The Avalanches // Wildflower
by Jeff Holland on July 12, 2016
Posted in: Album Review, Electronic, Hip Hop, Music, Pop, Rap
My high school friends and I didn’t know what to expect when we watched the 1981 film Polyester, directed by John Waters. Waters is a master of gross, bizarre, dark comedy, typically taking aim at the depraved denizens of white, suburban, upper-class America. In this particular film, an unfortunate housewife named Francine Fishpaw (played by the outrageous drag queen Divine) receives a phone call from the principal of her son’s school, part of which proceeds as follows:
PRINCIPAL KIRK: Is Dexter ill today?
MRS. FISHPAW: No, Mr. Kirk, Dexter’s in school!
MR. KIRK: I’m afraid he’s not, Mrs. Fishpaw. Dexter’s truancy problem is way out of hand. The Baltimore County School Board has decided to expel Dexter from the entire public school system.
MRS. FISHPAW: Why, Mr. Kirk, I’m as upset as you are to learn of Dexter’s truancy, but surely expulsion is not the answer!
MR. KIRK: I’m afraid expulsion is the only answer.
At this point, I had to pause the film, because all of our jaws had just dropped. We had all heard this conversation countless times before, but we knew it only as the introduction to the Avalanches’ classic sample-based ode to criminal insanity, “Frontier Psychiatrist.” Before we could continue watching, we all needed to take a few minutes to calm down and stop laughing.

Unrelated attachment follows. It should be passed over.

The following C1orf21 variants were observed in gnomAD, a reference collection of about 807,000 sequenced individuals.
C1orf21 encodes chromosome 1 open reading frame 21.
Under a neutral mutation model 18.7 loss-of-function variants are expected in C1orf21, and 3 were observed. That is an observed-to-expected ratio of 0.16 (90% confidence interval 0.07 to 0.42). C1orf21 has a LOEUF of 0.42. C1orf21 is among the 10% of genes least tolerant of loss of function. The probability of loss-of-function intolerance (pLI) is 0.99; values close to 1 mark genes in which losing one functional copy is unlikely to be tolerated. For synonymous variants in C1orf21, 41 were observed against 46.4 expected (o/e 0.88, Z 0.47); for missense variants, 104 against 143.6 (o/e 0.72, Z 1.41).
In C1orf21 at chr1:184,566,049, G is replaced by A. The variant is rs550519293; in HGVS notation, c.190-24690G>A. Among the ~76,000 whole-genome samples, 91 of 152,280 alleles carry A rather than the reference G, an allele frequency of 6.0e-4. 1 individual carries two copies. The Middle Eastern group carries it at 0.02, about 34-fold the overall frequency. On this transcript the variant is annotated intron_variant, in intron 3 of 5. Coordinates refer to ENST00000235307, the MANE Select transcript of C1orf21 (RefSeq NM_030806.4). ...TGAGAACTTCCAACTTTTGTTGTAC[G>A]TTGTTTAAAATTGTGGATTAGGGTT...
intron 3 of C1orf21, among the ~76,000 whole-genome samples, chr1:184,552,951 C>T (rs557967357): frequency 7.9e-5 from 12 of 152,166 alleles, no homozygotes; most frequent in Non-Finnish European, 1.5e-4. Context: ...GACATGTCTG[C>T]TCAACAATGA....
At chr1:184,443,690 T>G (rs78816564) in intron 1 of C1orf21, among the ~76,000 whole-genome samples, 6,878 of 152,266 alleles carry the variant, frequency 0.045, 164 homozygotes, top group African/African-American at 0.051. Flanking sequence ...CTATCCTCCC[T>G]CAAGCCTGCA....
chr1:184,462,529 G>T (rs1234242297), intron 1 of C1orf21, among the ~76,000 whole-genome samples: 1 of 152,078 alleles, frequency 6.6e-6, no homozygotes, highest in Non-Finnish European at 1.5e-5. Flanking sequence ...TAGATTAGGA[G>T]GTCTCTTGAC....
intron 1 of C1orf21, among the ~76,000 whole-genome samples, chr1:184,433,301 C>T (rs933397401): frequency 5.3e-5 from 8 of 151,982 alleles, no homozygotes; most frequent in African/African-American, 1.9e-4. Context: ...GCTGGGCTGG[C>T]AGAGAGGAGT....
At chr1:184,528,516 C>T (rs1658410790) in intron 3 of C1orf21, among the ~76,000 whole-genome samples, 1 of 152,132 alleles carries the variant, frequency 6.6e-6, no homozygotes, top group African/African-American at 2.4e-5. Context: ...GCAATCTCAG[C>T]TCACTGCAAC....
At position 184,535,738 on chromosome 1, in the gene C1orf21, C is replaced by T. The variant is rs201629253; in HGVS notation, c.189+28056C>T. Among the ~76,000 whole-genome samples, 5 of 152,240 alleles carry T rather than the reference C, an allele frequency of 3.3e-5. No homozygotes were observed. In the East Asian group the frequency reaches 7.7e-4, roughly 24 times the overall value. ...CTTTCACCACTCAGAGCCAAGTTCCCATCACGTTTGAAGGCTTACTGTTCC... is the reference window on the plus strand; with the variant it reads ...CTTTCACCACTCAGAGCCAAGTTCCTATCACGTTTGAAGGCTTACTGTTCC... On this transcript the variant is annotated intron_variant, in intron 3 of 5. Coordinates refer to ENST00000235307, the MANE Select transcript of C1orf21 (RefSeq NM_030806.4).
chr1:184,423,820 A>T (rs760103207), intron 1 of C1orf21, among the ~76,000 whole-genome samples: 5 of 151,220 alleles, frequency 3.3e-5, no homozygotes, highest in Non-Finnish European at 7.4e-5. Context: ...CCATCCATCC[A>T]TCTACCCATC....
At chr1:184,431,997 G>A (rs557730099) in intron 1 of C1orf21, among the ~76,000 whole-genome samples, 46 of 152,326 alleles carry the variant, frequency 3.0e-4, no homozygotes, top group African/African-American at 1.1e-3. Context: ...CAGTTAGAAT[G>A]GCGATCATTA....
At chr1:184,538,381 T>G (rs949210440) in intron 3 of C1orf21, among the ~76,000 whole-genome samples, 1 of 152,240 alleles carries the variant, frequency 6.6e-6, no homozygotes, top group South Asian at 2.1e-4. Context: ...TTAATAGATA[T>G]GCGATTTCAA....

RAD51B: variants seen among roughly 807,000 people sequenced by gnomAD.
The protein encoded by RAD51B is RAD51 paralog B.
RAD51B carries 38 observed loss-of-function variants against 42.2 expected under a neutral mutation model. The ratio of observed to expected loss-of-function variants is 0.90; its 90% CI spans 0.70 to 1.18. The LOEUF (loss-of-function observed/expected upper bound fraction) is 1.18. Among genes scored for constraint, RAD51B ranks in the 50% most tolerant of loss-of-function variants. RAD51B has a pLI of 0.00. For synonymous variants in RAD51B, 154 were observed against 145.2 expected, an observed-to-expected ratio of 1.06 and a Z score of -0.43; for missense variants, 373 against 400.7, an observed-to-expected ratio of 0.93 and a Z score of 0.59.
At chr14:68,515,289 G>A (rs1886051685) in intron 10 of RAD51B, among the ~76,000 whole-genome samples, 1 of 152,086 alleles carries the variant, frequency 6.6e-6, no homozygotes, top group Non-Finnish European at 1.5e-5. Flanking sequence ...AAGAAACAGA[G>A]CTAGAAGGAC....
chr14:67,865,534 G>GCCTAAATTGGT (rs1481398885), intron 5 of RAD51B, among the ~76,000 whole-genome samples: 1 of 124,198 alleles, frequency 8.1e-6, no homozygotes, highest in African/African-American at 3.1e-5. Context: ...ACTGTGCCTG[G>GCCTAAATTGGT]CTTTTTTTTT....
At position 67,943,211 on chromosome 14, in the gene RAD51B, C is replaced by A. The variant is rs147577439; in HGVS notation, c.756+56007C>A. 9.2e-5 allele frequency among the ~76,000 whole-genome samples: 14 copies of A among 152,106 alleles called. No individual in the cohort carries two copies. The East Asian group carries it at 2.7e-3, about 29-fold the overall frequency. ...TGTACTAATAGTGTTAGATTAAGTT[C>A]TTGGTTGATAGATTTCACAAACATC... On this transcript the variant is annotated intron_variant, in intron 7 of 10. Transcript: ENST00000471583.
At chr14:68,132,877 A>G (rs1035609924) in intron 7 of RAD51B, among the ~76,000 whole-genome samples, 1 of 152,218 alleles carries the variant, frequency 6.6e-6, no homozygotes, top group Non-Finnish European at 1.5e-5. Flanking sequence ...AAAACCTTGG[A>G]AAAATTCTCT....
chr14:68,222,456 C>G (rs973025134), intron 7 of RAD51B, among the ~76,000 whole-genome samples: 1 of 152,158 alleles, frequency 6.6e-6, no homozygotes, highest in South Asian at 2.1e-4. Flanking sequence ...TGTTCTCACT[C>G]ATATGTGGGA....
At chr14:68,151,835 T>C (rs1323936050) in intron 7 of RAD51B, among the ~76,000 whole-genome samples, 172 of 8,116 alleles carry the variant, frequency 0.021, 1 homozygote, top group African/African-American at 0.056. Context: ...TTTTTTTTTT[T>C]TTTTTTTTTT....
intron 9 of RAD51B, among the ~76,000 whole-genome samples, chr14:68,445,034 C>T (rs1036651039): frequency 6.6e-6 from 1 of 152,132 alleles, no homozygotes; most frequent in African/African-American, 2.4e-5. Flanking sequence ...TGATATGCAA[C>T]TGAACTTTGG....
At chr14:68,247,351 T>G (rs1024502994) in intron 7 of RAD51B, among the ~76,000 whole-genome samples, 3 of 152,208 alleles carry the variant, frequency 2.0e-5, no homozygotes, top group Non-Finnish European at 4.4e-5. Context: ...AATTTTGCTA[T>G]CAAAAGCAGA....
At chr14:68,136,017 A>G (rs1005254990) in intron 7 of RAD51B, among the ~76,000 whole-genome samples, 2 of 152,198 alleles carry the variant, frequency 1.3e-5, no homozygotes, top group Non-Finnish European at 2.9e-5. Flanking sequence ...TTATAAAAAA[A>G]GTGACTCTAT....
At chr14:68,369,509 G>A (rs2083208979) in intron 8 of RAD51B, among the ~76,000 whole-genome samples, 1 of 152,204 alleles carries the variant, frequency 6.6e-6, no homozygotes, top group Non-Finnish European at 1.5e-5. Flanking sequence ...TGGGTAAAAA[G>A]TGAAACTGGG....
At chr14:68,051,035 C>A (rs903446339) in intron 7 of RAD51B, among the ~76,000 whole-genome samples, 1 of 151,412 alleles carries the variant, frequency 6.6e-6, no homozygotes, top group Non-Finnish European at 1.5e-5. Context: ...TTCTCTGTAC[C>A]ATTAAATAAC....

Accidentally stumbling upon a sound or image that you know very well can be a surreal experience, like déjà vu. The Avalanches may have more skill than any other musical artist in working with déjà vu, capturing and recontextualizing melodies, sounds, and fragments of speech that are vaguely, or often explicitly, familiar. Their goofy, energetic, delightful 2000 debut, Since I Left You, earned them critical acclaim and a long-lasting cult following. A major part of their mystical appeal has always been their ability to manipulate the listener using familiar sounds. They skillfully splice together memorable musical morsels, as distant as pop choruses, classical guitar, hip-hop, disco, and avant-garde jazz.
Today, however, the Avalanches face new challenges. In 2000, Since I Left You caught the music world by surprise. It was the plunderphonics album we didn’t know we needed. But in 2016, it’s harder for the Avalanches to surprise us. We have some idea of what to expect from them. Plus, there’s the obvious challenge of following up an album that has been a cult favorite for 16 years and has now reached classic status, often considered one of the best plunderphonics albums, one of the best Australian albums, even one of the best albums, period, of the ‘00s. As the release of the new album approached, there was much anxiety about whether the Avalanches could make up for the lost element of surprise, meet expectations set by their debut, and still sound fresh and relevant in the vastly different cultural milieu of 2016.